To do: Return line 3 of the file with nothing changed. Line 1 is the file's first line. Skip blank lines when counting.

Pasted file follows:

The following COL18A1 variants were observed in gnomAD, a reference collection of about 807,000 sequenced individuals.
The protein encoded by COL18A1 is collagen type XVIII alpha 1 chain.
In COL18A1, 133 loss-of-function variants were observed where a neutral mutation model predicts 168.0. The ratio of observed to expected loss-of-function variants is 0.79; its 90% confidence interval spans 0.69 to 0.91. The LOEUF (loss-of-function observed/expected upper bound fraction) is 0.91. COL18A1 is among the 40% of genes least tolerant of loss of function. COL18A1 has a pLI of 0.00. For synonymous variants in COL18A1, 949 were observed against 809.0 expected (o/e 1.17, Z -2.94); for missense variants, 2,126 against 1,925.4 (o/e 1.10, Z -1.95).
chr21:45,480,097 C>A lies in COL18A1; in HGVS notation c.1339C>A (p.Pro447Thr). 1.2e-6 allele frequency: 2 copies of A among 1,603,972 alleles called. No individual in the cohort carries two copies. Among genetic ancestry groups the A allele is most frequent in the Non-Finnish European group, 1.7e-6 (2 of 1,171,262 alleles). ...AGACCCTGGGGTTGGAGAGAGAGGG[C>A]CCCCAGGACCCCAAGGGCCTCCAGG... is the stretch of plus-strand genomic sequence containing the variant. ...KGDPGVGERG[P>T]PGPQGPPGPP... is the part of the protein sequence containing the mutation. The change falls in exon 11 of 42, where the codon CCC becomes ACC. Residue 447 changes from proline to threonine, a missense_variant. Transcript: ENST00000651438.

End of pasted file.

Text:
In COL18A1, 133 loss-of-function variants were observed where a neutral mutation model predicts 168.0. The ratio of observed to expected loss-of-function variants is 0.79; its 90% confidence interval spans 0.69 to 0.91. The LOEUF (loss-of-function observed/expected upper bound fraction) is 0.91. COL18A1 is among the 40% of genes least tolerant of loss of function. COL18A1 has a pLI of 0.00. For synonymous variants in COL18A1, 949 were observed against 809.0 expected (o/e 1.17, Z -2.94); for missense variants, 2,126 against 1,925.4 (o/e 1.10, Z -1.95).